A couple of months ago, my wife and I were taking a trip. On the flight back home, my wife started reading The Nanny Diaries. For the next 5 hours, I was subjected to comments like, “Oh my, that’s so true… listen to this…” followed by snippet from the book.
For those not familiar with the story, it’s about a nanny and all the degrading experiences that her wealthy Manhattan employer puts her through. I didn’t the read the book, but when my wife rented the movie last weekend, I figured it was worth a couple of hours of my time. With Scarlett Johannson playing the lead role, the movie couldn’t be all bad. I was wrong.
For nearly all of the 106 minutes, it was one over-the-top situation after another. The nanny wasn’t treated like a person at any point, but instead a servant. Not only was she poorly paid, and her room essentially a small closet, but she had very little privacy and rarely got a day off. She also was forbidden to have a love life. It wasn’t long before I thought that this movie is more unrealistic than any science fiction movie I’ve ever seen. Anyone would have quit that job in the first week. This would be especially true of this nanny since she has a college degree. At the very worst, she could become a nanny for a different family as the movie made a point of how high the demand is. The explanation the movie gave for her not quitting is that she felt that she might have Stockholm Syndrome. It seemed like a poor explanation for someone undergoing constant abuse. If there’s a piece of advice here, it’s that you should remember that you are in the business of “you” – think twice before you let your job define who you are.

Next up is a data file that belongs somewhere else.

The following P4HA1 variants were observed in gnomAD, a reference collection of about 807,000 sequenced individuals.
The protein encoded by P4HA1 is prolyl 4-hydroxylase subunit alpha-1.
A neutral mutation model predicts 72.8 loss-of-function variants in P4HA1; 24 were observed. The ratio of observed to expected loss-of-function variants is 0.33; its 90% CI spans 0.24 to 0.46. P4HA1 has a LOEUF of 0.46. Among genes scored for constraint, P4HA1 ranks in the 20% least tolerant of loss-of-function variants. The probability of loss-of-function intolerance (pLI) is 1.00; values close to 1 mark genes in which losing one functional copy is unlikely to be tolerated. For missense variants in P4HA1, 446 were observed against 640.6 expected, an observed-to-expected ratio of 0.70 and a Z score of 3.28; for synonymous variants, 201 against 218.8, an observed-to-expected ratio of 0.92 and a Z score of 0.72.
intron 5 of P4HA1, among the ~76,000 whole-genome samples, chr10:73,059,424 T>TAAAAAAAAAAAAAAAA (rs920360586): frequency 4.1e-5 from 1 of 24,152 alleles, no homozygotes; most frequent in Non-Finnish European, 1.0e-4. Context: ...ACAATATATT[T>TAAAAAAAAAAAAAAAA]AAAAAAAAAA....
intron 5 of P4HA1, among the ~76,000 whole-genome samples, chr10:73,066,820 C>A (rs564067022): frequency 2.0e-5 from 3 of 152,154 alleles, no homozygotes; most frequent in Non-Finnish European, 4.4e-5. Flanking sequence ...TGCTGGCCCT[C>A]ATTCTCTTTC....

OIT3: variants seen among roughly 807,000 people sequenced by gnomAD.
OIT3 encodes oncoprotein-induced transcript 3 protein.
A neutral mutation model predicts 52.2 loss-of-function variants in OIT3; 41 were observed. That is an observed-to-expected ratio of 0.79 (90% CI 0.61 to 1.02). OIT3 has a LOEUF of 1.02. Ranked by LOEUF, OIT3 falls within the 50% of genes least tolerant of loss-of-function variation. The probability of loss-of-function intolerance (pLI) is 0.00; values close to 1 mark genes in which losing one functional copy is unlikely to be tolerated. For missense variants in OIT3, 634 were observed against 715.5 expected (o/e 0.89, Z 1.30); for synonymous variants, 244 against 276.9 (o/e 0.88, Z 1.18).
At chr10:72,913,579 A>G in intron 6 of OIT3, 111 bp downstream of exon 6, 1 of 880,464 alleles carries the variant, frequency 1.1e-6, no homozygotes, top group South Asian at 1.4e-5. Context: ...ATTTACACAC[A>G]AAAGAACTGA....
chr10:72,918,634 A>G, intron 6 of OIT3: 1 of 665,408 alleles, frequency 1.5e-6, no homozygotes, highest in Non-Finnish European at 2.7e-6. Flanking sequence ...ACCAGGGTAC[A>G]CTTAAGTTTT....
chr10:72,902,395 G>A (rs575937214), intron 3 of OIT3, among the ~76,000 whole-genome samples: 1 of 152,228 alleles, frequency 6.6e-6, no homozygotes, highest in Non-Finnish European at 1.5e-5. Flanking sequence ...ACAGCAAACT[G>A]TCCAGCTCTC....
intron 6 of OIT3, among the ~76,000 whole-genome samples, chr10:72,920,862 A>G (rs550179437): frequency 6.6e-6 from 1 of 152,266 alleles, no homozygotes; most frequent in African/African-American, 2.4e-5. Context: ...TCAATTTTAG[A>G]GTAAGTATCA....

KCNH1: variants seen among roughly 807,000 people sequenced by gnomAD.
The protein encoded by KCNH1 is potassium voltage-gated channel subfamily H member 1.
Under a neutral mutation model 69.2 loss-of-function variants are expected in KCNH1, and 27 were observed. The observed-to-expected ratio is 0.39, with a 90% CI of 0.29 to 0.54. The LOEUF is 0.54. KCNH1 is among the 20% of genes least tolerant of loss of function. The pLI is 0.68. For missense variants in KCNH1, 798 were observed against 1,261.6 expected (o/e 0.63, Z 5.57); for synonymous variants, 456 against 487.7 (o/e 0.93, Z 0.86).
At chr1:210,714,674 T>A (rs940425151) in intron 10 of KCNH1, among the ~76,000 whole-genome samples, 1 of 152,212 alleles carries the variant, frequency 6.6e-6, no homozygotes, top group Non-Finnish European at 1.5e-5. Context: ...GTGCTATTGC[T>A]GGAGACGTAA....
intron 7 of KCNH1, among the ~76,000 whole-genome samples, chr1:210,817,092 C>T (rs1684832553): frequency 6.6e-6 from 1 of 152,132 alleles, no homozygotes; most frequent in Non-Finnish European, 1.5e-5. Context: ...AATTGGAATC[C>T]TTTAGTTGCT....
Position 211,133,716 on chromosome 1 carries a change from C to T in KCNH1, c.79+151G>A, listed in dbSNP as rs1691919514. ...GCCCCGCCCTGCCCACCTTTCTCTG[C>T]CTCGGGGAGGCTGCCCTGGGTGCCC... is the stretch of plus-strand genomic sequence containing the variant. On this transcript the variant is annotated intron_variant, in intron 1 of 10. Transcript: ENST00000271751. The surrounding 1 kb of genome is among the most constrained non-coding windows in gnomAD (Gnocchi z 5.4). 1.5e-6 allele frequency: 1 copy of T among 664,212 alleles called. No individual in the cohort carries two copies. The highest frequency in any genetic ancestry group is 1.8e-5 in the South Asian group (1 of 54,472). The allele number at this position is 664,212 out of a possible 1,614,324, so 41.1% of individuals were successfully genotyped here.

Without destroying too much of the ending, the nanny learns quite a bit about herself and is a stronger person for having gone through the experience. It was a year of great personal growth. It was at this point, about 100 minutes into the movie, that I found something I could identify with. I’ve taken a similar action this year – deciding that I should work almost exclusively to improve myself. I only hope that at the end of the year, I discover as many answers as the nanny did.